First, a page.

A Long Time Sitting Doesn’t Have To Mean Backache

How you can sit out backache During a recent weekend, I traveled to Port Macquarie. I was amazed at the number of caravan parks full of travellers from all over Australia. Some had done the ‘short drive’ down from Brisbane or up from Sydney, but a larger number of people had traveled much longer and further than I would have expected. Prolonged sitting – whether in a car or not – can place increased stress and strain on the body. However, cars traditionally contain bucket type seats which tend to encourage a slumped or slouched posture. For short trips, this isn’t necessarily problematic. However, on back-to-back days, this commonly causes increased stress and strain on muscles, ligaments and structures around the spine. Incorrect seating and steering wheel set-up can mean that drivers or passengers may adopt awkward, slouched and unsupported postures. A large amount of cumulative stress and strain is placed on the spine when long periods of driving are coupled with sitting in fordable camping chairs with little support. This is commonly why people may injure themselves doing seemingly innocuous and simple tasks. For example, have you ever wondered why you can easily lift your suitcase or heavy shopping out of your car, then suddenly strain your back while doing something simple such as putting on your shoes? Regardless of what type of car you drive, additional lumbar support is highly recommended.  A simple way to provide yourself with more lumbar support is to place a rolled-up towel in the small of your back. This support prevents you from getting into positions that may cause too much strain to your lower back. This strategy can be utilised for all forms of transport and travel. Additionally, ensure you are not reaching over the steering wheel, and that the back of the car seat fully supports your upper back, shoulders and head. Strain placed on the spine is essentially cumulative. Try to ensure that time is spent in a standing posture when arriving at your destination. Several exercises can also be performed at regular pit stops as well as each night. Try the following group of exercises. These shouldn’t take any more than five to 10 minutes a day. Some of these exercises you may already instinctively do when you’re getting a bit stiff or sore in the car! These exercises are also good for anyone who sits for long periods.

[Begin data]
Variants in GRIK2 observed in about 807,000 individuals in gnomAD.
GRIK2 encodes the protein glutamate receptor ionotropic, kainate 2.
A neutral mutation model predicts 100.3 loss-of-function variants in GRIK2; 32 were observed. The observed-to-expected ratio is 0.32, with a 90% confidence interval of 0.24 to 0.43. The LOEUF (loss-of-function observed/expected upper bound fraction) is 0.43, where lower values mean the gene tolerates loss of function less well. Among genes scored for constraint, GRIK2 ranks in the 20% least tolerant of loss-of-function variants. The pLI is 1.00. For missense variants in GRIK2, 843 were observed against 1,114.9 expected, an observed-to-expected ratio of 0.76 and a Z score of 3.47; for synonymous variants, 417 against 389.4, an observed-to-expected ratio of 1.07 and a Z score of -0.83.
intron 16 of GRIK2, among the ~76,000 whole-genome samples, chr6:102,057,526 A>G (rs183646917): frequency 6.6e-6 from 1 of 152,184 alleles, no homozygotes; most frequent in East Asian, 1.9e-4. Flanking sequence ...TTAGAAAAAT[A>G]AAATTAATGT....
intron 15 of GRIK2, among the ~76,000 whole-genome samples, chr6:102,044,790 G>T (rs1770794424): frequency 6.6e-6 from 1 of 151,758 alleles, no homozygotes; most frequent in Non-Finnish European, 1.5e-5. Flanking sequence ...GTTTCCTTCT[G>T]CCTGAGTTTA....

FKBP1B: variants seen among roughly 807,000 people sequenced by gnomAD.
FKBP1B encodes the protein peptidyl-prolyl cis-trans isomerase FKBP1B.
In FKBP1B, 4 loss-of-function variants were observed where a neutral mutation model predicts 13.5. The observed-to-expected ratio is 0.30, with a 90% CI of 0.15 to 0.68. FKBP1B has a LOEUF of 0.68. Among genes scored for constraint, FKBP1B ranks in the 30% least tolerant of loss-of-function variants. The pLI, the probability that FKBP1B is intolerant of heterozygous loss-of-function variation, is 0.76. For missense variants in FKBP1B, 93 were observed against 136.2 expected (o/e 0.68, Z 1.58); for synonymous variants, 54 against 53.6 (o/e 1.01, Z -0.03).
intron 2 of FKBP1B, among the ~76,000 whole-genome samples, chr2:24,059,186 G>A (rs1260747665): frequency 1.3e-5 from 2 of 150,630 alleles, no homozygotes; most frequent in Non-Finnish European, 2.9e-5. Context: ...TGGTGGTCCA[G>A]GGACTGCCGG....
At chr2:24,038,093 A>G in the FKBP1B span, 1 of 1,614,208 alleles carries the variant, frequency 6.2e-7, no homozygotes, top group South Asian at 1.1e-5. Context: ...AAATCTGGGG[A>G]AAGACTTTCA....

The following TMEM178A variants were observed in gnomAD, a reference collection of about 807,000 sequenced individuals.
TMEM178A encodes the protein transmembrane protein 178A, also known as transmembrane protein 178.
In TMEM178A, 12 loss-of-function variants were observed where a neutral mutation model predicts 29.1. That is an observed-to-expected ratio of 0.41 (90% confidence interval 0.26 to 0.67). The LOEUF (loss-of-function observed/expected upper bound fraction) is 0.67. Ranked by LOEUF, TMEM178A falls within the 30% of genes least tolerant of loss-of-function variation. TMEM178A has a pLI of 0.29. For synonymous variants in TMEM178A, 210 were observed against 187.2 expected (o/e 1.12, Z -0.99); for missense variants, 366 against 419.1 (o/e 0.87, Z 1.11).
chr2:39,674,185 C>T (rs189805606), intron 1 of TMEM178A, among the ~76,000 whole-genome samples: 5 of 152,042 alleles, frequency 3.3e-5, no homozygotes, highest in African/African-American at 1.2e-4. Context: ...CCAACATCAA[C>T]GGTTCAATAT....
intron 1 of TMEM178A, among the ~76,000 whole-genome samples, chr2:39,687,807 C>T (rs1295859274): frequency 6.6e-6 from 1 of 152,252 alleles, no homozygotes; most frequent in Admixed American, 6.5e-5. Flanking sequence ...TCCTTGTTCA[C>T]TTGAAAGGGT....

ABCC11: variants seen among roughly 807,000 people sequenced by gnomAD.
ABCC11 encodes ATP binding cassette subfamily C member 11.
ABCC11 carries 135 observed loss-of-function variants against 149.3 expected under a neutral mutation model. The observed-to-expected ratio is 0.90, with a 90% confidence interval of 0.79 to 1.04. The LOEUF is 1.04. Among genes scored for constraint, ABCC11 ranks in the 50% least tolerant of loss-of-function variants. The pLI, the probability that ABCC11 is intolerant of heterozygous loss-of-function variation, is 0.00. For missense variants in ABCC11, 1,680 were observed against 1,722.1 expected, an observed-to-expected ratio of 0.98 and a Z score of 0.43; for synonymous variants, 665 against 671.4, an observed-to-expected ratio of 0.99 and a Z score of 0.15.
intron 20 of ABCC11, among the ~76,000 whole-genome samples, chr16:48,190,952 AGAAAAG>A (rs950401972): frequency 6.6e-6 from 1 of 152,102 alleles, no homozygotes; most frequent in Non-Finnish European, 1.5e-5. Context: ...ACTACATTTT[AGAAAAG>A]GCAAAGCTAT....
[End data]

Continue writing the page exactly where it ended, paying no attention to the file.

• stand up straight with your hands on your hips or in the small of your back. Gently push your hips forward as far as you can hold for a few seconds. Repeat 10-12 times
  • stand tall. Rise up and down on your toes. Repeat 10-12 times
  • stand tall. Squeeze your shoulder blades together. Hold for 2–3 seconds. Repeat 10-12 times
  • chin tucks. Look straight ahead in a seated or standing position. Tuck your chin in (as if to mimic giving yourself a double chin). Hold for 2–3 seconds and repeat 10–12 times. Try to avoid looking down or nodding your head
  • walk! One of the best exercises to do to break up the long period of sitting is to walk. It doesn’t need to be brisk, but walking allows gentle rotation and stretch around the spine. Naturally, the more brisk you walk, the more the spine stretches and rotates.
  Next time you sit in the car, be sure to double check your seating set-up. Couple that with a few simple exercises and you’ll be travelling pain-free. Author: Jason Lee

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